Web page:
Hey What's Up Hello

I’m McKinley. I’m an adventurer. Photographer. Life long learner. Budgeter. Creator. Self proclaimed comedian. Dreamer. Over thinker.

This is a travel diary.

This is a love letter.  

This is me. 

So... Why haven't I started a blog yet?

So... Why haven't I started a blog yet?

So, why haven’t I started a blog yet? I ask and get asked this question all the time. I’ve travelled all over the world, I have so many stories to tell, so much advice to give, and thousands of pictures to share. So why haven’t I started a blog yet? The easy and seemingly obvious answer is that I’m lazy. I’ve tried writing blurbs and blog entries millions of times, and I’ve even written some stuff that I like, but the minute I try to set a writing schedule for myself, the whole process starts to feel like work. The somewhat less obvious reason for not starting a blog is that I’m a perfectionist, and not the kind that works really hard on something until it’s perfect. I’m the kind of perfectionist who wants to be the best at something the first time I try it. This obsession with being the best dates back to 1995 when I was learning how to tie my shoes. I couldn’t do it the first time, so I stopped trying. Plus, it was the 20th century, they had invented velcro and I just didn’t think shoe laces would be around much longer. From that day forth, I’ve been what can best be described as a lazy perfectionist. When I have ideas for stories or drawings or businesses, I see the big picture, the end product, the dream. I have a hard time accepting that in order for anything to become the best version of itself, it has to go through many changes, it has to grow. Nothing is perfect upon creation, I know this, and yet, when it comes to the blog, I didn’t want to start because I knew it wouldn’t be perfect. It would be gritty, and ugly, and no one would read it, and it wouldn’t get me free accommodation at luxurious hotels overnight. For years I stunted my own growth because I was so focused on other peoples success. Those blurbs and blog posts, and stories and experiences, all just sat in my computer collecting digital dust, waiting to be used while I spent my time scrolling through Instagram and reading other peoples blogs, trying to figure out how they did it and how I could break into the scene.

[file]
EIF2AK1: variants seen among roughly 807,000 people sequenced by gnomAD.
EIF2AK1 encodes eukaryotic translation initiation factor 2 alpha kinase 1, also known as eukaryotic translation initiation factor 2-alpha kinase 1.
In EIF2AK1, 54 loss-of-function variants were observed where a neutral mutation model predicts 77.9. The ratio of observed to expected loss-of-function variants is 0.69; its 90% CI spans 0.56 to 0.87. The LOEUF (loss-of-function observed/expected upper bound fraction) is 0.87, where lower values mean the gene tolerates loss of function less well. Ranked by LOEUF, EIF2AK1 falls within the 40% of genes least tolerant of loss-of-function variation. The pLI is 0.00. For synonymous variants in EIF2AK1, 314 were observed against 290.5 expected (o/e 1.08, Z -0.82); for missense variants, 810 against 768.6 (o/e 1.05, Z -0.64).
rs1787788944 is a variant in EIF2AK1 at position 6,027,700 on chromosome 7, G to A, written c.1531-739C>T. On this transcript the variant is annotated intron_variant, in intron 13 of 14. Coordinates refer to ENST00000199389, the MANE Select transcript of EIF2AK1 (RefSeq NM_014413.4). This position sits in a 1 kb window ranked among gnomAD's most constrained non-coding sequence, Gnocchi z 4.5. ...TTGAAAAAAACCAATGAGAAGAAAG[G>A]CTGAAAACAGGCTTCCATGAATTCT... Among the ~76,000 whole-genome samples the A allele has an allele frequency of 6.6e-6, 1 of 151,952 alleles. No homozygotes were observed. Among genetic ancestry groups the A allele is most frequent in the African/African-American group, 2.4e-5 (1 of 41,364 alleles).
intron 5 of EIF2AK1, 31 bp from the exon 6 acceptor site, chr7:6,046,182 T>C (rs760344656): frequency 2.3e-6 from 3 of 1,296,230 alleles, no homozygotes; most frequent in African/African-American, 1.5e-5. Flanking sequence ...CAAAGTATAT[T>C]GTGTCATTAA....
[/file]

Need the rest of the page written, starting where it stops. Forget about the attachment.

I wanted a differentiator. What would make my blog different? Why would someone read my blog? I thought if I could answer those questions, I would finally be ready to dust off those stories and buy a subscription to Squarespace. But then I realized the real reason I never got around to starting the blog wasn’t because I was lazy or a perfectionist, or some twisted combination of the two, it was because I was afraid. Any form of self-expression is incredibly personal and when we put ourselves out there, publish our thoughts and feelings, we’re opening ourselves up for ridicule. I was terrified of people judging me: my writing, my pictures, the fact that I had a blog at all. I was scared people would see my flaws and point them out. I was afraid that I would put a lot of heart and hard work into something that wouldn’t succeed. I was afraid of what people would think of me, the real me.